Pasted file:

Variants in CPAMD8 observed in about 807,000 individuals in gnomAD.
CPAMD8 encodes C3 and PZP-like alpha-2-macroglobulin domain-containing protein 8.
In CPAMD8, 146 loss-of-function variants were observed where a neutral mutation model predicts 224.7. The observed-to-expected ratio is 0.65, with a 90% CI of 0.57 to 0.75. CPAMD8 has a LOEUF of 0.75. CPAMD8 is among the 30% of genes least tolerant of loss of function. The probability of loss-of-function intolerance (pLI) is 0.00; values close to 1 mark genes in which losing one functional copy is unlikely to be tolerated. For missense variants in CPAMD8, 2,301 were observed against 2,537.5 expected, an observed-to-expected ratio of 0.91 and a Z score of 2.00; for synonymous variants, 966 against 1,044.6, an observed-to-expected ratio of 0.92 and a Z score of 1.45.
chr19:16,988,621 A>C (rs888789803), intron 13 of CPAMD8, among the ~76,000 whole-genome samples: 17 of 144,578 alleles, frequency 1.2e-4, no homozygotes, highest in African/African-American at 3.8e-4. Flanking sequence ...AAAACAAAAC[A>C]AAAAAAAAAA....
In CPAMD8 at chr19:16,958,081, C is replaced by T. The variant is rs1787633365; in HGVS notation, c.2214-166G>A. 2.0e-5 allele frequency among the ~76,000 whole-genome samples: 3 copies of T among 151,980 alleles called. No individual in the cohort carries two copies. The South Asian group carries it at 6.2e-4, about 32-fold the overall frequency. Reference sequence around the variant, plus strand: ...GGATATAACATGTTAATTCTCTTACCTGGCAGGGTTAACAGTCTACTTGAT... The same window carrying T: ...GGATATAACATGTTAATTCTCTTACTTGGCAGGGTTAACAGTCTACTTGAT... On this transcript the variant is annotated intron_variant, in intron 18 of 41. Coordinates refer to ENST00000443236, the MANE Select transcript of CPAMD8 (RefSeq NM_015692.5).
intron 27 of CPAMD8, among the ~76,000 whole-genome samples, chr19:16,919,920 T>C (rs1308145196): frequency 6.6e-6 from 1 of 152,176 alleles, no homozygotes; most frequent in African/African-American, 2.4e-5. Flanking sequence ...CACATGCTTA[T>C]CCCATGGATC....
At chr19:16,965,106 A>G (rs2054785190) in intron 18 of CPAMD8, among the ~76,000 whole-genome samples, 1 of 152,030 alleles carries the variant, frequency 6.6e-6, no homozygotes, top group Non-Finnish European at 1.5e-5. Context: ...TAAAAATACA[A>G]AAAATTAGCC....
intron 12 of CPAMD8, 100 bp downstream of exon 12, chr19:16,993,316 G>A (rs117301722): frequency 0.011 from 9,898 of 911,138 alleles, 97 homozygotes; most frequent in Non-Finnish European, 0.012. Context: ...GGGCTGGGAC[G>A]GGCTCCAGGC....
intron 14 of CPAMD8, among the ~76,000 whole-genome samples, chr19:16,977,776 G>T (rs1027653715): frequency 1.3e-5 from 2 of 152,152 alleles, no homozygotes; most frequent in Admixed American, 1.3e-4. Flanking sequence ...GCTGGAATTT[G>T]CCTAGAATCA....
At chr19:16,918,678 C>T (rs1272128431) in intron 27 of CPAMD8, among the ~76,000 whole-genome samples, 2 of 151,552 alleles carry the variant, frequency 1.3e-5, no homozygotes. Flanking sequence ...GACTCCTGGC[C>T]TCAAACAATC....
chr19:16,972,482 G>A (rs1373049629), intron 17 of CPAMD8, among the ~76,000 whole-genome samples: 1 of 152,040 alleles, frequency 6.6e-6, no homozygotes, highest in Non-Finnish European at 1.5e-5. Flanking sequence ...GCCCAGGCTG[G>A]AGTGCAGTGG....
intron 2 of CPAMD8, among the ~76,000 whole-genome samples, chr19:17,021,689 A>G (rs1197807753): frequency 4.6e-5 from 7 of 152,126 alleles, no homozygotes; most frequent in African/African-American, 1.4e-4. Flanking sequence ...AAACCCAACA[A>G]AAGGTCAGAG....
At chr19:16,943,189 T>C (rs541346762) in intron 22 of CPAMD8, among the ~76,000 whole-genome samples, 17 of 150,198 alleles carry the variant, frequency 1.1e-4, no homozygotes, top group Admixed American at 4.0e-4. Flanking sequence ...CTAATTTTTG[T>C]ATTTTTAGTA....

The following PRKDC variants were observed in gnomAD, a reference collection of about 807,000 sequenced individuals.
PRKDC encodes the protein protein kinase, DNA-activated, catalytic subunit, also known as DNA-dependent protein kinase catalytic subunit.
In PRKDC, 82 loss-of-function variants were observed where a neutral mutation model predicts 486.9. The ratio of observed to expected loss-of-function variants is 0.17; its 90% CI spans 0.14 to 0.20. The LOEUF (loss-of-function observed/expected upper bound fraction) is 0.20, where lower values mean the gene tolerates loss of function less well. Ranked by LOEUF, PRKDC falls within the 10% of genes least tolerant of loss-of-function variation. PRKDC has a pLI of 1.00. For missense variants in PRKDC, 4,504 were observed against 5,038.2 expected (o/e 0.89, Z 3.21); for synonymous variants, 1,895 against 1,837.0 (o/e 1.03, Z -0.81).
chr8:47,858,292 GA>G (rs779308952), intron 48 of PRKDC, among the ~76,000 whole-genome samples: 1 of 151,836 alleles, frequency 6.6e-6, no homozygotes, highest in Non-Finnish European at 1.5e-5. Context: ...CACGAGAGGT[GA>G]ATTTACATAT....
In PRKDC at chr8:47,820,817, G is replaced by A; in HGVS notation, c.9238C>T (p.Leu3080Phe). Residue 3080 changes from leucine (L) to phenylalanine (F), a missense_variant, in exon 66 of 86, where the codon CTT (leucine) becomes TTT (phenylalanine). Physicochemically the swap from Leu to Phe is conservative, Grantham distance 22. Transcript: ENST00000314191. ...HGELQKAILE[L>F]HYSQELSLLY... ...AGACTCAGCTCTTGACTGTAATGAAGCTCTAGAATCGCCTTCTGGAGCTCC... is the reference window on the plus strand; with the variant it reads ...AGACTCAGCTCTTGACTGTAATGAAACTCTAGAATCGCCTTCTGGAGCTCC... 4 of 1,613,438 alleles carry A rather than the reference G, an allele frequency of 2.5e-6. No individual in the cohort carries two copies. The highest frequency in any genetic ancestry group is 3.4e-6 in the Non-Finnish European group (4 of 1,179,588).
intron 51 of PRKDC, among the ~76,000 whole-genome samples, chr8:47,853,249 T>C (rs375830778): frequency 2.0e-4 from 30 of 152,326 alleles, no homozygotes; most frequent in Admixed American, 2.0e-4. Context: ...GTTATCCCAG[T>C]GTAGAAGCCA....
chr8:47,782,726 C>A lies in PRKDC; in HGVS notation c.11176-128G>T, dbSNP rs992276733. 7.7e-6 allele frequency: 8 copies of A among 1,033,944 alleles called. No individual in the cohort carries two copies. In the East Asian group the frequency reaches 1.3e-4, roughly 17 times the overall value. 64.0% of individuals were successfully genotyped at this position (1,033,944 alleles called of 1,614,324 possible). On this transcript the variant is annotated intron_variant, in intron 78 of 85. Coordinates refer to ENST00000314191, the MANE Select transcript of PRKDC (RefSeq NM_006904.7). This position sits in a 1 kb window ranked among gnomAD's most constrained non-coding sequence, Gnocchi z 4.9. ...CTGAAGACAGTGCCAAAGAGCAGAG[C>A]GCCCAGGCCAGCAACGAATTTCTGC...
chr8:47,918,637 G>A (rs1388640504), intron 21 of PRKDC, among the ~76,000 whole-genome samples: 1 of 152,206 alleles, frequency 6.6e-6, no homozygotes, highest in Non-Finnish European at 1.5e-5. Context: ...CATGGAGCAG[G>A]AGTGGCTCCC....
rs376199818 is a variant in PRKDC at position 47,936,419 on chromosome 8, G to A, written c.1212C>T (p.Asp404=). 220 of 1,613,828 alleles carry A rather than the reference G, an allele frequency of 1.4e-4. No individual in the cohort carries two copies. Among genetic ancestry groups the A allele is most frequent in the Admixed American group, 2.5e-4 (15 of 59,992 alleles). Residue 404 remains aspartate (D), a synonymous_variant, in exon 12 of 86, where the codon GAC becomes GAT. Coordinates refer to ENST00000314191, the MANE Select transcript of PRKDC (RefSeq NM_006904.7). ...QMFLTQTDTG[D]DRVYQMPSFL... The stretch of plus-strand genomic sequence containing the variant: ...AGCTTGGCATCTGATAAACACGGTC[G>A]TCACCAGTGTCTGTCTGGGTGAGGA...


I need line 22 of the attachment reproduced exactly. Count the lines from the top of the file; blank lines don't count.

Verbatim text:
rs376199818 is a variant in PRKDC at position 47,936,419 on chromosome 8, G to A, written c.1212C>T (p.Asp404=). 220 of 1,613,828 alleles carry A rather than the reference G, an allele frequency of 1.4e-4. No individual in the cohort carries two copies. Among genetic ancestry groups the A allele is most frequent in the Admixed American group, 2.5e-4 (15 of 59,992 alleles). Residue 404 remains aspartate (D), a synonymous_variant, in exon 12 of 86, where the codon GAC becomes GAT. Coordinates refer to ENST00000314191, the MANE Select transcript of PRKDC (RefSeq NM_006904.7). ...QMFLTQTDTG[D]DRVYQMPSFL... The stretch of plus-strand genomic sequence containing the variant: ...AGCTTGGCATCTGATAAACACGGTC[G>A]TCACCAGTGTCTGTCTGGGTGAGGA...